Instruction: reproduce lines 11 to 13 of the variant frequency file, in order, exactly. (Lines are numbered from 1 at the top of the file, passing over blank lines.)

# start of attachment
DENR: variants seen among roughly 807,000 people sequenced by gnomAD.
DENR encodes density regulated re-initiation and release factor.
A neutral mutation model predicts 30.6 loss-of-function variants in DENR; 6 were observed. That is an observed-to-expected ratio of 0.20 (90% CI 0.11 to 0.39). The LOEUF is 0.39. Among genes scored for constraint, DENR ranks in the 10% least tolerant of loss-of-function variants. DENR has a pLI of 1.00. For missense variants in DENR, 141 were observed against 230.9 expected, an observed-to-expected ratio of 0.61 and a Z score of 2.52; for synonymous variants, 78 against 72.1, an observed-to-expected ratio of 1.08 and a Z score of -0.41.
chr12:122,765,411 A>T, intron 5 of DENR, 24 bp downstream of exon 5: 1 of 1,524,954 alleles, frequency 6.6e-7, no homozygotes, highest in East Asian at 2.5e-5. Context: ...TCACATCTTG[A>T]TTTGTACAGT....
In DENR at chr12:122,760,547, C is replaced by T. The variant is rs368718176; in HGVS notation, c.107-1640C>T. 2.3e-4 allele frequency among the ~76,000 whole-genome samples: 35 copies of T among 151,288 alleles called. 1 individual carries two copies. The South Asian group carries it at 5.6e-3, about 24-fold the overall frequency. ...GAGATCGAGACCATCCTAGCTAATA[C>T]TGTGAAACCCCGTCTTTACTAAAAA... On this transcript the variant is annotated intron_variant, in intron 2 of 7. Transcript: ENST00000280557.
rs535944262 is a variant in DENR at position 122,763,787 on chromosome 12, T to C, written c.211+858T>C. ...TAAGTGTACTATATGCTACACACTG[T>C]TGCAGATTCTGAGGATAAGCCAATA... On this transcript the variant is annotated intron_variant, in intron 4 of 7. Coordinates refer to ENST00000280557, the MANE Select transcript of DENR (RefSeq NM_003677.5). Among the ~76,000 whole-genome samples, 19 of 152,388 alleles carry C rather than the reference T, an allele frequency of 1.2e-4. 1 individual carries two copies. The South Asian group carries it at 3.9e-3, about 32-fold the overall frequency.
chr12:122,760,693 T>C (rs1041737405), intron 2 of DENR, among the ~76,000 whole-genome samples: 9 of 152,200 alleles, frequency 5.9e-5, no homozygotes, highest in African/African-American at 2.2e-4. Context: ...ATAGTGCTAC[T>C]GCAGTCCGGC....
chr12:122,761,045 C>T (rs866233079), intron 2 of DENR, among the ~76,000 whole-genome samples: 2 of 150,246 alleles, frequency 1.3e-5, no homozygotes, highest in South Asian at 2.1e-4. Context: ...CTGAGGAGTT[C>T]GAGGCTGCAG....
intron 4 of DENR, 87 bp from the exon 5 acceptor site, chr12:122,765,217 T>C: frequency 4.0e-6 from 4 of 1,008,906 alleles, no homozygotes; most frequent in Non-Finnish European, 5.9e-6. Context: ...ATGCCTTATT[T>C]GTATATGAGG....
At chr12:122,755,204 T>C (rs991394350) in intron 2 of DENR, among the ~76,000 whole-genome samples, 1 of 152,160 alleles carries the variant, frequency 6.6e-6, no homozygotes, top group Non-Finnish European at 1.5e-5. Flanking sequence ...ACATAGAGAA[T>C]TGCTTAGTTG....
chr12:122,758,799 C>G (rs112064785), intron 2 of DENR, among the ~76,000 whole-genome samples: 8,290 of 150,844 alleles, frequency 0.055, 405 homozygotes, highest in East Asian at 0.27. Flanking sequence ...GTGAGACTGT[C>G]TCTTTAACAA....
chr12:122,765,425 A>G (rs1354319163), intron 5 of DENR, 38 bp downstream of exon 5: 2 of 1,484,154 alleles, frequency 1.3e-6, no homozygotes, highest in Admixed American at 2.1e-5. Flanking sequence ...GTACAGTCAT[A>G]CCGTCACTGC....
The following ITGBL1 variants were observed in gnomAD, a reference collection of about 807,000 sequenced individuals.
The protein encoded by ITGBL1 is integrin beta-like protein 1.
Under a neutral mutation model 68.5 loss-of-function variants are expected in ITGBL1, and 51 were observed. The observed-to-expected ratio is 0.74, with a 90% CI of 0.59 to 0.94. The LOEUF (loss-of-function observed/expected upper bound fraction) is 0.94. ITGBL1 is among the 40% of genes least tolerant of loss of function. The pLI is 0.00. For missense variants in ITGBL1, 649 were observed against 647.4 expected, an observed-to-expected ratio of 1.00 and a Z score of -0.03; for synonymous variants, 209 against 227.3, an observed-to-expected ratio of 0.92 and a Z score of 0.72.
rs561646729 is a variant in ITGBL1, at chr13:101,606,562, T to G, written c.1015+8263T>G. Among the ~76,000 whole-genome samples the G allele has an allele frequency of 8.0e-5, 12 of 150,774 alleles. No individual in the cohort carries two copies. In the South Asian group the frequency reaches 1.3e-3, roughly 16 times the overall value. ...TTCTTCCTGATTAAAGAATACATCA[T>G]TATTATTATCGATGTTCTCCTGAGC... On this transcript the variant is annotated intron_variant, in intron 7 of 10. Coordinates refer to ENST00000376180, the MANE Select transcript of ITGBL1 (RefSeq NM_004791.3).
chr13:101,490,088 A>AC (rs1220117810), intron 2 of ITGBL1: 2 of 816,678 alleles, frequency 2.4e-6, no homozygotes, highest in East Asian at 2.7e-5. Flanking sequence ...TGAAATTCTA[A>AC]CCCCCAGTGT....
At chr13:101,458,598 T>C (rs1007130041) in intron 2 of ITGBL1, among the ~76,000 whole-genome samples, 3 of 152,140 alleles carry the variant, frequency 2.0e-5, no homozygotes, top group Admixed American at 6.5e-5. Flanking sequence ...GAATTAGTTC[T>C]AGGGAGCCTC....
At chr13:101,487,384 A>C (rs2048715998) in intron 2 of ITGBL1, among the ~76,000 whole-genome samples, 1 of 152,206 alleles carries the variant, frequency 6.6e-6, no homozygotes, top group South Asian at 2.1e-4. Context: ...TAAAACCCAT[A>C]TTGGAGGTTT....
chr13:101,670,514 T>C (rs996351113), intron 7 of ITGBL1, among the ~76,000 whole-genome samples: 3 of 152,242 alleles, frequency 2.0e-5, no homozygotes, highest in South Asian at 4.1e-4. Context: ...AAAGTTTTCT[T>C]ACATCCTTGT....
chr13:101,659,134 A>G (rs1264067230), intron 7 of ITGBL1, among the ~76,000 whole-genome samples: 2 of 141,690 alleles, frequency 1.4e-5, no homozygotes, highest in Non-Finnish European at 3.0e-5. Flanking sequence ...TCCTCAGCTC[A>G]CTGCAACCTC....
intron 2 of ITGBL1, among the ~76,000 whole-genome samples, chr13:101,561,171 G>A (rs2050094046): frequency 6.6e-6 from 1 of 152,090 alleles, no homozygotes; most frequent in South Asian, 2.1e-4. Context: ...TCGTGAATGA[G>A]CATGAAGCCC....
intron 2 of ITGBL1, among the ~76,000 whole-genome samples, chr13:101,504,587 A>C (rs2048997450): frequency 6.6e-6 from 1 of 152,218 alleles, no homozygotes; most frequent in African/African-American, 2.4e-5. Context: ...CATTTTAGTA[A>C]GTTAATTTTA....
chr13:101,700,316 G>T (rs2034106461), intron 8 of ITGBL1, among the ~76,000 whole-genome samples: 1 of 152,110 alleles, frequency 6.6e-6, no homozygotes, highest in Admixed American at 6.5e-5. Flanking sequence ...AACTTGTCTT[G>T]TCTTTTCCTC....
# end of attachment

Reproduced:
chr12:122,758,799 C>G (rs112064785), intron 2 of DENR, among the ~76,000 whole-genome samples: 8,290 of 150,844 alleles, frequency 0.055, 405 homozygotes, highest in East Asian at 0.27. Flanking sequence ...GTGAGACTGT[C>G]TCTTTAACAA....
chr12:122,765,425 A>G (rs1354319163), intron 5 of DENR, 38 bp downstream of exon 5: 2 of 1,484,154 alleles, frequency 1.3e-6, no homozygotes, highest in Admixed American at 2.1e-5. Flanking sequence ...GTACAGTCAT[A>G]CCGTCACTGC....
The following ITGBL1 variants were observed in gnomAD, a reference collection of about 807,000 sequenced individuals.